I think this question and the subordinate questions you asked are great, but you should also answer them. I think most of us who hold to a broader view of church, “the church all around us” have similar questions. It is not that we are un-interested in meeting the needs of others. Far from it! We want to encourage them, weep with them, fellowship with them, love them, and all of the one anothering we can lay hold of. We simply do not have a need or desire to confine that to a single congregation. So your congregation is part of our church, but we enjoy the ability to be with Jesus and His people elsewhere also.

    I have observed that many local congregations, the type of thing Donald isn’t fond of attending, often fail to see or meet the needs of the larger church around them. They end up focused on themselves even to the point of exclusion from the larger body of Jesus. So, who is missing out on your contribution to the body?

    “What if you need the church more than you realize?” “Being involved in an actual church demands much more form us than hanging out with our Christian friends.”

    Some more assumptions here. I have to say that your second round of questions really needs reflection back to local congregations more than the first set. Local congregations definitely have their share of “difficult to live with” folks, but that gets to be an even bigger challenge in a broader context. Local congregations tend to be the most like each other. It is easy to see that when you try to mix a Pentecostal with a Baptist or a Fundamentalist. Or throw a public school family and a home school family together and have them discuss child rearing. When each of those folks is with the “doctrinal friends” in their local congregation they tend to get along much better than in a mixed context. I am convinced we need the perspectives of the differing denominations, cultures and styles. We need not be limited to those that think like we do. We have the most to gain by mixing without people outside our comfort zone who love Jesus but may have some ideas we don’t “like”. You acknowledged that you have been influenced, I assume positively, by not necessarily Christian friends.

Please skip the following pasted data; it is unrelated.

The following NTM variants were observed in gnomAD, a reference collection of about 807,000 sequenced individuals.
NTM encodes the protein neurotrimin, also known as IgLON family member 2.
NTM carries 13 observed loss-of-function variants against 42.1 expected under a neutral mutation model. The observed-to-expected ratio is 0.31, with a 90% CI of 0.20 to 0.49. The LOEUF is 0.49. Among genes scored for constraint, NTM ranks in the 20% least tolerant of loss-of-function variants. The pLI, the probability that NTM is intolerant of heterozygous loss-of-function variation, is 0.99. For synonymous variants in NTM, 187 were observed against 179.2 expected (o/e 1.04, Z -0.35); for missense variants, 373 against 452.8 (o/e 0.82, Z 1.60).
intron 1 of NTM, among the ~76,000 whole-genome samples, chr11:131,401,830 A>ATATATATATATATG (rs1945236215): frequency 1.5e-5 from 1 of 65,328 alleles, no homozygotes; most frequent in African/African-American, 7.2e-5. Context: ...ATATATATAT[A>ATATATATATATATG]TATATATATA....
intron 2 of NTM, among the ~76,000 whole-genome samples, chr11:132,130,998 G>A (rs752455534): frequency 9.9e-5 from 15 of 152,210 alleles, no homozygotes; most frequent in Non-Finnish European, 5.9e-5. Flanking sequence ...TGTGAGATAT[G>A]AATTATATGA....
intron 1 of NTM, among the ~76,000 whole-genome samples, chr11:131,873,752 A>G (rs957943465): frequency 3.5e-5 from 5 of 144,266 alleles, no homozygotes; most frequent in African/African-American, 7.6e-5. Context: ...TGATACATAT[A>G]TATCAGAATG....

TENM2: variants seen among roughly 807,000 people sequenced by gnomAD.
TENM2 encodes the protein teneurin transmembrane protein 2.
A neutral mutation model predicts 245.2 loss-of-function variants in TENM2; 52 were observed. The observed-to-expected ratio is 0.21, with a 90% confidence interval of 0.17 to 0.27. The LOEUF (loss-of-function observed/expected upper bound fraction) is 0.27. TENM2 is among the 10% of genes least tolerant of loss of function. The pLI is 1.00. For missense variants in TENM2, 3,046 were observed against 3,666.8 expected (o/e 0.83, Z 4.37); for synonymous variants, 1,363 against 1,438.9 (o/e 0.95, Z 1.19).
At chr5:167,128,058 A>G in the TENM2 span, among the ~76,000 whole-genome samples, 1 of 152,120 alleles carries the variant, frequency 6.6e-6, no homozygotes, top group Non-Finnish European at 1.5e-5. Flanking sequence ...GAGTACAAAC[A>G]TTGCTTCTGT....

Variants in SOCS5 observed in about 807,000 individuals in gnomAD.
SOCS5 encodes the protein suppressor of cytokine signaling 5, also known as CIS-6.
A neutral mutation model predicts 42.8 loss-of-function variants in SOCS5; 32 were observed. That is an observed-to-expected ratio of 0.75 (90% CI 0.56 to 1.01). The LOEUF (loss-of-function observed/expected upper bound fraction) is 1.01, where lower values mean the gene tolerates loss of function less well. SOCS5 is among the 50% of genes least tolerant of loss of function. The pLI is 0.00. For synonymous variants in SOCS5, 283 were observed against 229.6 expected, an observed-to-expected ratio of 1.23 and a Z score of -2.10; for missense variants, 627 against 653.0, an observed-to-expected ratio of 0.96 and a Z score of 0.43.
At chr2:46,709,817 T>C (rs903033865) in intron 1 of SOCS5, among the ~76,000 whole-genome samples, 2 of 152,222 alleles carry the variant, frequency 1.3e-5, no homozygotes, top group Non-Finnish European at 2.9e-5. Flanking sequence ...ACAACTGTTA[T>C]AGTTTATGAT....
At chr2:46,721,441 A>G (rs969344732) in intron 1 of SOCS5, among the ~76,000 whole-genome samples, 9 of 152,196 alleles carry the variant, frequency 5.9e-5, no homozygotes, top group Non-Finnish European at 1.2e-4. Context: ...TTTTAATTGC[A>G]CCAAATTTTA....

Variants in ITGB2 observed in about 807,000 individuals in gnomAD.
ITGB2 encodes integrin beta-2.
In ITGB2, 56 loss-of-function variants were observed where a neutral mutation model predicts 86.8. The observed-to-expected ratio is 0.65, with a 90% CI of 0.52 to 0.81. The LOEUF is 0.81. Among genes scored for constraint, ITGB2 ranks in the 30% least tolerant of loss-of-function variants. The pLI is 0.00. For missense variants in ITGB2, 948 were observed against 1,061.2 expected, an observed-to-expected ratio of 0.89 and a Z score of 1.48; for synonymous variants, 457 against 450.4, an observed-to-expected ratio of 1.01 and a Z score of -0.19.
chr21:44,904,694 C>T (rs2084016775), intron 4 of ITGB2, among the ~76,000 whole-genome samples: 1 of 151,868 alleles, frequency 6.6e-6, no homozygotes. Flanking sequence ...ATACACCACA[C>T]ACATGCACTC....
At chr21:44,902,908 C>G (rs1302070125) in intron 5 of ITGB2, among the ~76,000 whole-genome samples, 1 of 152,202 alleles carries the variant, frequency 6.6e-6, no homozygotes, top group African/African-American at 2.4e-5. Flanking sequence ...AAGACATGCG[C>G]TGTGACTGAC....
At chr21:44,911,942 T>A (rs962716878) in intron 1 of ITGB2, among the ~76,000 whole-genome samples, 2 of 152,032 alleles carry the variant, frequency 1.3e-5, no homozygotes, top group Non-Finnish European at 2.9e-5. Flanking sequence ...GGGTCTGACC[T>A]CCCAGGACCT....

We are currently attending an International Baptist Church because we love that it contains 33 different nations of people and that it accepts people who don’t hold to the exact same doctrinal distinctions. The group down the road however restricts itself to KJV readers only. The KJV group needs a lot of us I think, but they reject us with our “false” translations at the door. I think that group reflects exactly what you assume Donald is doing.

    Do you really think Donald Miller only sticks with people he likes or that like you, he is choosing only people who like coffee houses? I certainly don’t do that in my “Donald Miller-like” life. I spend time with people who want to know Jesus of all flavors. I will meet them wherever they are at. Love is always about others! I have friends that are pastors, ex-pastors, Catholics, Baptists, non-denoms, para-church, local-church, free from church, and so on. Perhaps you assume incorrectly that those of us who prefer life in Jesus outside the local church are looking for an easy comfortable ride. That really is not true at all. George Barna wrote an entire book to address that fact (Revolution). His conclusion is that many have in fact left local congregations to go deeper in their faith than the local congregations would allow. I believe Donald Miller likens them to Universities and mentions that for some it is like they have graduated. I personally have very few Christians in my life that think like me. Most of them are people more like you who favor traditional models of church. I long for more likeminded brothers, but at this time in my life I am happy to be with those that Jesus has me with instead.

    OK, that is about all I want to say at this point. I have run into this line of thought many times and it comes down to deciding if the Bible demands participation in a local church as you would define it or if perhaps it needs redefining or at least acceptance that there are valid alternatives. But please do not make the mistake that Jesus followers who don’t want to attend church are lone ranger, selfish, my way or the hi-way type people. Sure, some may be, but most are not. We have the same desires as you; we just express them in a way that is harder to put a name or a label on.